The Sexualities Project at Northwestern (SPAN) holds an international competition for a two-year post-doctoral fellowship in social scientific approaches to sexuality studies. Fellows are affiliated with both the Gender & Sexuality Studies Program and a department at Northwestern. Fellows pursue a program of independent scholarship under the guidance of a faculty mentor and teach two undergraduate courses each year. They also assist in the organization of on-campus educational activities such as an annual workshop.
Abram J. (AJ) Lewis completed his PhD in American Studies at the University of Minnesota and is currently a Visiting Assistant Professor in Gender, Women’s and Sexuality Studies at Grinnell College. AJ’s research and teaching interests include queer and feminist theory, LGBT history, trans studies, postsecular studies, women of color feminisms, and the new ontologies. His project, “The Falling Dream: Unreason and Enchantment in the Gay Liberation Movement,” examines queer activist challenges to secularism and reason at the end of the social movement era. He is interested in how experiments with madness, spells, psychic powers, psychedelics, and otherworldly forces helped expand possibilities for thinking and acting during the early onset of neoliberalism. AJ’s writing has appeared in Radical History Review, The Journal of the History of Sexuality, and The Scholar & Feminist Online. AJ is also the recipient of the 2016 Gregory Sprague Prize from the American Historical Association’s Committee on LGBT History. AJ will be a Postdoctoral Fellow in Sexuality Studies and History at Northwestern.
Courses at NU
Winter 2017: GSS 321 Queer Feelings; Gender, Sexuality, and the Politics of Affect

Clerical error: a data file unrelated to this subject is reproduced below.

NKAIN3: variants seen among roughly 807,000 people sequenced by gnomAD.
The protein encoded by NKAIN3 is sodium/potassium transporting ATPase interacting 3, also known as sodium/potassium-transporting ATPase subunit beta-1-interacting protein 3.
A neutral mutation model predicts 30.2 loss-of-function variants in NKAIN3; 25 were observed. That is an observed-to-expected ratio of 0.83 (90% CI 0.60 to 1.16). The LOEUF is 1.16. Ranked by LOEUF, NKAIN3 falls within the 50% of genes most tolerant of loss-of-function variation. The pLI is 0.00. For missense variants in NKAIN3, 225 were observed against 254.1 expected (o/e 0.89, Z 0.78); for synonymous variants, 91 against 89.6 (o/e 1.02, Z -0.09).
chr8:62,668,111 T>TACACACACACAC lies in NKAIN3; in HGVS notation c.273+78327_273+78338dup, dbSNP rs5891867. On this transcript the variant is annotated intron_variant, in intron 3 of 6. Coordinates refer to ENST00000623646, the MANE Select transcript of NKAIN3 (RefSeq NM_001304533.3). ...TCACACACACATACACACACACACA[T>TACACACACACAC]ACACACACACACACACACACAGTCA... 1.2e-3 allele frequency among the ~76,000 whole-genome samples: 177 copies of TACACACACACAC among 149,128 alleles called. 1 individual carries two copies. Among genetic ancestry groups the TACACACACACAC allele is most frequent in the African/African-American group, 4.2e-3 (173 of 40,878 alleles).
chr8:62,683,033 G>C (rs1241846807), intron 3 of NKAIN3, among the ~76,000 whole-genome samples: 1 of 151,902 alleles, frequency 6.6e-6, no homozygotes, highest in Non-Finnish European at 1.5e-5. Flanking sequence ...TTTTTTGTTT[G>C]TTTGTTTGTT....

Spring 2017: GSS 321/HIST XXX Race and Sexuality in the US, 1940-Present
Mitali Thakor will complete her PhD in 2016 from MIT's Program in History, Anthropology, and Science, Technology & Society (HASTS). Her dissertation research covers the design and use of new digital techniques to locate child pornography online, from 3D avatars to image recognition software. Mitali's ethnographic fieldwork in the Netherlands, Thailand, and the U.S. explores partnerships and tensions between international police, border control, computer scientists, UN bureaucrats, and activists as they develop algorithmic solutions to cases of exploitation and trafficking.
Mitali is broadly interested in feminist STS, queer studies of punishment, digital anthropology, critical race studies on borders and migration, and public discourses around technology, software design, sex work, sexual exploitation, and civic empowerment. She holds a B.A. in Feminist Studies and Anthropology from Stanford and has previously worked in Thailand and the Philippines. Mitali works for East Coast Solidarity Summer, an educational program for radical South Asian American youth, and also organizes on issues of sexual violence and prison abolition. You can read more about her work at www.mitalithakor.com and follow her @mitalithakor. Mitali will be a Postdoctoral Fellow in Sexuality Studies and Anthropology at Northwestern.
Courses at NU
Winter 2017: GSS 363/ANTHRO XXX Queer Robotics: Cyborgs & Fantasy in Postcolonial Sci-Fi and Anthropology
Spring 2017: GSS 341/ANTH 3XX Borders: Sex, Race, & Techniques of Border Control